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Occidental charts course for PVC recycling.

Occidental Charts Course For PVC Recycling

One year into its new role as a post-consumer PVC scrap recycler, the Polymers & Plastics Div. of Occidental Chemical Corp., Berwyn, Pa., is on its way to developing a recycled PVC compound for blow molded bottles.

In a recent interview with PLASTICS TECHNOLOGY, William F. Carroll, Jr., director of commercial development, discussed the company's progress in recycling and identified clear bottles, rather than pipe or construction materials, as the most economically promising application for recycled PVC in the 1990s. He also talked about the key role of processors in the post-consumer collection loop, and defended PVC against criticism that it hampers PET recycling efforts, pointing out that PET causes the same contamination problems for PVC recycling systems.

OVER 500,000 LB SO FAR

When OxyChem first announced plans to purchase PVC bottles from the municipal waste stream in September 1989 (see PT, Nov. '89, p. 93), it was considered a pioneering venture, as it was one of the first nationwide programs to collect and recycle post-consumer PVC waste. The program was intended to break down barriers to recycling PVC by providing a market for the material, according to Carroll.

OxyChem estimates it collected about 500,000 lb of PVC in 1990, and expects to collect 2.5 million lb more this year. Carroll pointed out that because PVC bottles represent only a fraction (about 5%) of the total plastic bottle waste stream, PVC recycling efforts would depend on being part of broader post-consumer collection programs.

Occidental's recycling strategy is to accept only post-consumer PVC bottles in minimum loads of 5000 lb (previously 2000 lb). Recyclers separating PVC are paid prices equivalent to PET (9 [cents]/lb), in addition to freight costs. OxyChem will then formulate the recycled PVC into bottle compounds.

The company has no plans to build its own recycling facilities for separation, washing and regrinding. Instead, Carroll said it will continue to use existing regional recycling facilities, many of which are interested in sorting PVC to help fill out excess capacity. For example, OxyChem recently agreed to work with the Plastics Recycling Alliance in Philadelphia to automatically sort PVC bottles from mixed consumer bottles at PRA's facility. PRA is a joint venture of Du Pont Co. and Waste Management, Inc., whose focus has up to now been on separating HDPE and PET bottles from mixed waste.

OxyChem has pursued technology for reprocessing and compounding recycled PVC through joint development with Wheaton Plastic Recycling Co., Millville, N.J., and another unnamed vinyl processor.


OxyChem is developing an EcoVinyl line of recycle-containing compounds for blow molding containers to hold automotive fluids, household cleaners, and possibly shampoos. Carroll acknowledged it will be several years before a viable food-contact recycle grade of PVC is realized. The current version is a clear bottle grade containing a 10-25% recycled PVC and priced competitively with virgin PVC. Carroll said EcoVinyl is in the early development phase, with test quantities not yet available.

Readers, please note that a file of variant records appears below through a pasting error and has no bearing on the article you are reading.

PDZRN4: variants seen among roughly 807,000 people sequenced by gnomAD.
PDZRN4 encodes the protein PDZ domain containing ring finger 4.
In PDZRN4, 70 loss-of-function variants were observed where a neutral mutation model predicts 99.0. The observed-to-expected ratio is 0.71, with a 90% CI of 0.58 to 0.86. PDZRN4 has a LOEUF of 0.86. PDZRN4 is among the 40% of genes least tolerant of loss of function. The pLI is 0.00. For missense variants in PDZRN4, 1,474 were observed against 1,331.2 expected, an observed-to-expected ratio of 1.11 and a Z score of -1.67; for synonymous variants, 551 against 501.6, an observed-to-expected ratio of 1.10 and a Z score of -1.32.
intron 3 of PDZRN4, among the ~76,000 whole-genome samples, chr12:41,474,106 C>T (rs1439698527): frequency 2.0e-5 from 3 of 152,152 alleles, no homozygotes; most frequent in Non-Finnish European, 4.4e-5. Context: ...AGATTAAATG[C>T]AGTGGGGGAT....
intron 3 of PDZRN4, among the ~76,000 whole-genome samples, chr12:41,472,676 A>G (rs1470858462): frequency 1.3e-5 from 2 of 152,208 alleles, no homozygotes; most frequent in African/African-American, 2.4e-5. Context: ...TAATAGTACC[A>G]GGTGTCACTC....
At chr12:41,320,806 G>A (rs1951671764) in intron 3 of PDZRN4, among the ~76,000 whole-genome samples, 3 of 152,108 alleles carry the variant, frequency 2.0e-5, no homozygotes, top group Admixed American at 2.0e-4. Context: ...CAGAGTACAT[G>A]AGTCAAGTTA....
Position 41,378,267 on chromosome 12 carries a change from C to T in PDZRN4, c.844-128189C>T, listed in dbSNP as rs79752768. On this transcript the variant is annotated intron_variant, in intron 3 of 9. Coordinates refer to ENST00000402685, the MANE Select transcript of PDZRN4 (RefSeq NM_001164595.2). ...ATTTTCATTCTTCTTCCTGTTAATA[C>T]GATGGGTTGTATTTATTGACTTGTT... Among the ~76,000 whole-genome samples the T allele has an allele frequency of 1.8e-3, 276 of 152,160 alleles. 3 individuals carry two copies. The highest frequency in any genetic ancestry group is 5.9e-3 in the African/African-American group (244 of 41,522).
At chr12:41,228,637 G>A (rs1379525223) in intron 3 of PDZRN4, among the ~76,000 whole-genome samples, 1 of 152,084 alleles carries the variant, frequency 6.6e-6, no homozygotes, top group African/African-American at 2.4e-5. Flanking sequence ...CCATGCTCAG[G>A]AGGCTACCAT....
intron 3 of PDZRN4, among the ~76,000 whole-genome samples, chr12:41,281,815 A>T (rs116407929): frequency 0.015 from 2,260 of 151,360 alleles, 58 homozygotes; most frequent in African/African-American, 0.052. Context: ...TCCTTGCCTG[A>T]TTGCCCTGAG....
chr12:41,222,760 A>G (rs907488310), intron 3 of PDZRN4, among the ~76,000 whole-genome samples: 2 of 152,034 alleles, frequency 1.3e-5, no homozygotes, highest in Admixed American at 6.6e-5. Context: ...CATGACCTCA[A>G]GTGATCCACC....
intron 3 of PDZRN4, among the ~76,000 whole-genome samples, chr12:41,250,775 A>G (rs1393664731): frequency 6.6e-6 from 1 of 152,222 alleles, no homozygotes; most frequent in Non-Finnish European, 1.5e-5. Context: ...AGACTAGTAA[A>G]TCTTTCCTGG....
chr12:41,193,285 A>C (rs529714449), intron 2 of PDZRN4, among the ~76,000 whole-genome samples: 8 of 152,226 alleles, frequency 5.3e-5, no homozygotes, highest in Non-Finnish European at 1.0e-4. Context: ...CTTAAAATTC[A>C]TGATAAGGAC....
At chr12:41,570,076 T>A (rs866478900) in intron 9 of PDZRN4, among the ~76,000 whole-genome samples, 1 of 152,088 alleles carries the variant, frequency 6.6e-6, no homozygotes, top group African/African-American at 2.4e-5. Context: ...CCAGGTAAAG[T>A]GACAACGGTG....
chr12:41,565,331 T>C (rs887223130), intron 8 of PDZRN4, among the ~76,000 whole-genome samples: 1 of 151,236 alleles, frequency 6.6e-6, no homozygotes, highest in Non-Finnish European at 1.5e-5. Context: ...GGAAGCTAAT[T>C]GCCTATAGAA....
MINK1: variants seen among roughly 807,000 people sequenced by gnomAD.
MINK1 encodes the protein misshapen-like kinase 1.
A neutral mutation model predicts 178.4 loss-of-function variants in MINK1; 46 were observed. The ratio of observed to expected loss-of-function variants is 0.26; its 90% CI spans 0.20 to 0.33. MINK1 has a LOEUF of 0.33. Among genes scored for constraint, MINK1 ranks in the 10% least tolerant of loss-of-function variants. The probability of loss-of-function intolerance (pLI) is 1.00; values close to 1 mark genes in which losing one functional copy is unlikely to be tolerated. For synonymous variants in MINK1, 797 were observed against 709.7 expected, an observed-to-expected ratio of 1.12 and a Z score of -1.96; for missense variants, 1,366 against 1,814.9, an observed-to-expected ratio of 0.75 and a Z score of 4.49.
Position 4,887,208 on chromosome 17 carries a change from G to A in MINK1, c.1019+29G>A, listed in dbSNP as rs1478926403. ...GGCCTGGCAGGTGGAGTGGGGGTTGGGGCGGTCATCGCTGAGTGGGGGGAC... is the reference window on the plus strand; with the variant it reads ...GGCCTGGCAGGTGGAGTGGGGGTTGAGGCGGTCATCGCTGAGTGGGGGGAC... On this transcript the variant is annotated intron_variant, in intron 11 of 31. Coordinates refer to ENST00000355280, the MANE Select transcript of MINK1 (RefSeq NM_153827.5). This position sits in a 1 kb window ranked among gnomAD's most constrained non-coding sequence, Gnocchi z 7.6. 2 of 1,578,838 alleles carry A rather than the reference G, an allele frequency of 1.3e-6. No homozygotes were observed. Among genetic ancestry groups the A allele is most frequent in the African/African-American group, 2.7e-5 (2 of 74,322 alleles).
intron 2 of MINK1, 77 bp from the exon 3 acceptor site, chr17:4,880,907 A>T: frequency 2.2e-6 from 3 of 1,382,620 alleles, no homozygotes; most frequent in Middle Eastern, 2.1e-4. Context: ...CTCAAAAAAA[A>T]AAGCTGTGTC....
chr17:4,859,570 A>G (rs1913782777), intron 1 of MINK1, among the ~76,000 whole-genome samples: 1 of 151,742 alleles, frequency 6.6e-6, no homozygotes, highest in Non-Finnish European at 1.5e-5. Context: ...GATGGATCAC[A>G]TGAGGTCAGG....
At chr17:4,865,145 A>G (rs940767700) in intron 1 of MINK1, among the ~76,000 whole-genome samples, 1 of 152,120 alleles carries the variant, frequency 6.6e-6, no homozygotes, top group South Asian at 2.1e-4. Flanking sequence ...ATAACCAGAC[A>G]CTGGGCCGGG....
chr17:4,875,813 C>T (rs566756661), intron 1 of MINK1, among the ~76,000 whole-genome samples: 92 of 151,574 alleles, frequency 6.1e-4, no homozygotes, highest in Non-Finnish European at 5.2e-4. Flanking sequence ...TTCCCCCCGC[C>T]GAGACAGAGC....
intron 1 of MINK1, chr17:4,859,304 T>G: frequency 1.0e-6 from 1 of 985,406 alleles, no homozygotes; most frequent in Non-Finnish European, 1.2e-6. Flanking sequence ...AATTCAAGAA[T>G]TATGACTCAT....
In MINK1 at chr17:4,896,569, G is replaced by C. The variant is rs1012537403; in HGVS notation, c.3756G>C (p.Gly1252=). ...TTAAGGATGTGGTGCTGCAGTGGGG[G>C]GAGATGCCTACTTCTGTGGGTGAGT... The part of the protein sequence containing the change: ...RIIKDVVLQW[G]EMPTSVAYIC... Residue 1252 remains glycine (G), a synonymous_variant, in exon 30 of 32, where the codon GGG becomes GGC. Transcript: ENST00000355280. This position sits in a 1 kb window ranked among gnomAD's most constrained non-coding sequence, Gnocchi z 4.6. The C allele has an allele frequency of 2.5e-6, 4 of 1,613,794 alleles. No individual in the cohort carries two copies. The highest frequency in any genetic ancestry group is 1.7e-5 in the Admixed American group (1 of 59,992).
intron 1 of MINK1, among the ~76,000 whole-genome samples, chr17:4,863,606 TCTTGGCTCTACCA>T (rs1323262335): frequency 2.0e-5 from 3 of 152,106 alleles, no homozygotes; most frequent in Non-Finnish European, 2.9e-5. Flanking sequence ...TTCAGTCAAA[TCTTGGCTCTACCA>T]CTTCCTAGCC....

According to Carroll, built-in cost factors associated with reclamation procedures will keep recycled PVC out of highly price-sensitive markets such as pipe, siding and construction materials, leaving packaging as its most viable niche. Nevertheless, he said there are still hurdles to clear for this application--e.g., the uncertain quality of recycle-content compounds for clear bottles and the current scarcity of joint-development efforts between processors and resin suppliers. However, Carroll said factors such as anticipated recycle-content legislation, research to improve product properties, and the current cost structure of packaging compounds will serve to make recycled PVC attractive for bottle applications.


Processors have an important role to play in the recycling loop, according to Carroll. He said both processors and resin producers must "bring something to the party" in order to successfully process recycled materials. Carroll said two challenges requiring more cooperation between processors and resin producers are overcoming heat-history problems associated with recycled PVC and developing more efficient production methods and systems to minimize processors' internal scrap rates.

"Processors must realize that recycled resin will never equal virgin quality. It will take some finesse on their part to tweak the system to best use the material," according to Carroll. "As resin producers, we must get recycled resin quality to be as close as possible to virgin. Quality and purity are king when it comes to recycled resins. Everyone wants virgin quality at garbage price."